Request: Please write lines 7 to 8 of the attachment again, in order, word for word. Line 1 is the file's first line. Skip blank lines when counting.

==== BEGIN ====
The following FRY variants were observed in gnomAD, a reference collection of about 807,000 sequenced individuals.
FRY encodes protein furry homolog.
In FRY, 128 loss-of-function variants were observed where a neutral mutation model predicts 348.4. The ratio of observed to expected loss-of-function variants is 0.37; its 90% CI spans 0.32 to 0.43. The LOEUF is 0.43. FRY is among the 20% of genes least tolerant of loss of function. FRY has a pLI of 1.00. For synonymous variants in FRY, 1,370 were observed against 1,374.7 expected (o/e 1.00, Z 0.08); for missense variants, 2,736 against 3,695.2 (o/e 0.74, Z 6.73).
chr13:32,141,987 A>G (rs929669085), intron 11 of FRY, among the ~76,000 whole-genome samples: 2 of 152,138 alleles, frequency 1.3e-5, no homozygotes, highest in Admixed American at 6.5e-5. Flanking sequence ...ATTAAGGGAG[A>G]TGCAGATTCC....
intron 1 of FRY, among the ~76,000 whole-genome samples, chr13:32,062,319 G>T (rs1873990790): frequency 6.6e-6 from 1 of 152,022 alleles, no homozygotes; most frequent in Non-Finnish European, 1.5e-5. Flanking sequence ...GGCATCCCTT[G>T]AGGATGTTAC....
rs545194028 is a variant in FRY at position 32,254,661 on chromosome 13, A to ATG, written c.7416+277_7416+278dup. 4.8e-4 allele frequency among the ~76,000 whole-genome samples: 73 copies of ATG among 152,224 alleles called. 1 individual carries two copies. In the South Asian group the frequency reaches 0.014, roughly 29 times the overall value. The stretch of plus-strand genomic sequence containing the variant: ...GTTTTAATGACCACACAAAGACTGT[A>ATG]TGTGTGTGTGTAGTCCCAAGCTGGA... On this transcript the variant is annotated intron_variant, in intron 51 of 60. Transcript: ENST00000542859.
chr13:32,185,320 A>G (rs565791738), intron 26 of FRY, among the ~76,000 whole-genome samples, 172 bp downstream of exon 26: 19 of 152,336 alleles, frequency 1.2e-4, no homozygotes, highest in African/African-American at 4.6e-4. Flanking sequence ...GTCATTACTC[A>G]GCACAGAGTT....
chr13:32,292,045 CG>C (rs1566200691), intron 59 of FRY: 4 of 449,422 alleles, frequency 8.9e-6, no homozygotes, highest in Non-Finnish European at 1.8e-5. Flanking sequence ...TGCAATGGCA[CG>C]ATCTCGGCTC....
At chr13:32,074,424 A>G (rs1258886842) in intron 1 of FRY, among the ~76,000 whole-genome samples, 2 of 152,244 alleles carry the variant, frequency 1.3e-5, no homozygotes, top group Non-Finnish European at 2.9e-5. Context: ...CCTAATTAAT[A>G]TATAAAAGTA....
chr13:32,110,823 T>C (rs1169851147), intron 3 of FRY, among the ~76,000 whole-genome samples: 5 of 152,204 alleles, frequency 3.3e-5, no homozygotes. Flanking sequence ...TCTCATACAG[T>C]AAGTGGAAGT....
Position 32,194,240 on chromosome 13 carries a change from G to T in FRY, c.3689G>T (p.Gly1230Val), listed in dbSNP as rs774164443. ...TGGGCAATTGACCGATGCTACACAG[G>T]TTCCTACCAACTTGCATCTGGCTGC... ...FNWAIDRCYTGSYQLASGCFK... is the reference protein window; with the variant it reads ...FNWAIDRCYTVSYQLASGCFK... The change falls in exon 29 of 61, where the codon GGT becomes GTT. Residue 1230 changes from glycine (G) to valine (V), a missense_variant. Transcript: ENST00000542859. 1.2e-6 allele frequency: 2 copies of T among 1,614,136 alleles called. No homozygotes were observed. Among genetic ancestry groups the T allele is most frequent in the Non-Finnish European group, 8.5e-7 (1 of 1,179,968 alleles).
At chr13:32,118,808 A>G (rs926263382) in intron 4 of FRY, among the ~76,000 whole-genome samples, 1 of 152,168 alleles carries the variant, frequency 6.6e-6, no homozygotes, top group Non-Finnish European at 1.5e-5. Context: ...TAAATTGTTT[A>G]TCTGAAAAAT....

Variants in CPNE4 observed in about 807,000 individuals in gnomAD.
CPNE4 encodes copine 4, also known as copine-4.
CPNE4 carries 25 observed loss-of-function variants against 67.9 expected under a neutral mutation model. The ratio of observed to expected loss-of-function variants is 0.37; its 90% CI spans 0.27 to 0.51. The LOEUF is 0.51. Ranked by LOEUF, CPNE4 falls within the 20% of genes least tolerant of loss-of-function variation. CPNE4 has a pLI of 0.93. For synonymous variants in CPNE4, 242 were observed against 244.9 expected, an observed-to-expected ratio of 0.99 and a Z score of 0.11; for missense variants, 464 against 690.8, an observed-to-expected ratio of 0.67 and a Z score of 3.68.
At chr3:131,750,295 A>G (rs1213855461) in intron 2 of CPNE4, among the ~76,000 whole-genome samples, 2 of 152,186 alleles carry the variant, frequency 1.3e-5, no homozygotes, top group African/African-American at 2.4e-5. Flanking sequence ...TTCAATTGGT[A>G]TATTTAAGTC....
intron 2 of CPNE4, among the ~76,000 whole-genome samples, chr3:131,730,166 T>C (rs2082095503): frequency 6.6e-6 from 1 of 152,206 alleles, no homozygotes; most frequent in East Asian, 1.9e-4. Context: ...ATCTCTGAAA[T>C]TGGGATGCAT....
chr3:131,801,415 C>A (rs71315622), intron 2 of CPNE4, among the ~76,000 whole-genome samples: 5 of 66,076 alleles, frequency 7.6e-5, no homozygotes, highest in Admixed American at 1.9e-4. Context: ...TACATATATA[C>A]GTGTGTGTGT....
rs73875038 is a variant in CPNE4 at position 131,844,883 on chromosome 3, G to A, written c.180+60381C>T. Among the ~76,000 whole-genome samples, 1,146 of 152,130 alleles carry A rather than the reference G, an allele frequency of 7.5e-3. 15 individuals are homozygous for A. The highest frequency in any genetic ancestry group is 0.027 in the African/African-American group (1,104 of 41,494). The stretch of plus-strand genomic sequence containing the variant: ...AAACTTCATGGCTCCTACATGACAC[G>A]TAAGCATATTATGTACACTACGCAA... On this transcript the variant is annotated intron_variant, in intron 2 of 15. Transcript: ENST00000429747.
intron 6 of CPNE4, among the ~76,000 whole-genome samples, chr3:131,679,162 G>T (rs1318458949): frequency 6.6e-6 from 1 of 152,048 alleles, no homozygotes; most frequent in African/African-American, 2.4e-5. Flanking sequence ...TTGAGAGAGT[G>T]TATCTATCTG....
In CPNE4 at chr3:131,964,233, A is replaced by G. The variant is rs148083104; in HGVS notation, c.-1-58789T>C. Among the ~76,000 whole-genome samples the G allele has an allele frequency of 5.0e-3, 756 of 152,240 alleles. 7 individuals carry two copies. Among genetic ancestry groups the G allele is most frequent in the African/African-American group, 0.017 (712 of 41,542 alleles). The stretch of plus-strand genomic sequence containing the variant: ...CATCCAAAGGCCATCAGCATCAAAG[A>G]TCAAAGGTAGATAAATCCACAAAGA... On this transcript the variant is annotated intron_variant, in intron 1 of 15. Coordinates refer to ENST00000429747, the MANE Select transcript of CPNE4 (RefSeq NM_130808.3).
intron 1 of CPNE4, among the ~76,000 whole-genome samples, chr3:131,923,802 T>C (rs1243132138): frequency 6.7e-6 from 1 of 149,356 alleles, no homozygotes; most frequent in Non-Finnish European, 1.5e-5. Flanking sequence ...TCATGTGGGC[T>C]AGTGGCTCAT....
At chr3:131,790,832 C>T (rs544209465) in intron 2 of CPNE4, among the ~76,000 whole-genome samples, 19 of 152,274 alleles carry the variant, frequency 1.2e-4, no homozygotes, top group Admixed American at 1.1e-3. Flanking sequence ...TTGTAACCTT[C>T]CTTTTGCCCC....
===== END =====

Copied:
chr13:32,185,320 A>G (rs565791738), intron 26 of FRY, among the ~76,000 whole-genome samples, 172 bp downstream of exon 26: 19 of 152,336 alleles, frequency 1.2e-4, no homozygotes, highest in African/African-American at 4.6e-4. Flanking sequence ...GTCATTACTC[A>G]GCACAGAGTT....
chr13:32,292,045 CG>C (rs1566200691), intron 59 of FRY: 4 of 449,422 alleles, frequency 8.9e-6, no homozygotes, highest in Non-Finnish European at 1.8e-5. Flanking sequence ...TGCAATGGCA[CG>C]ATCTCGGCTC....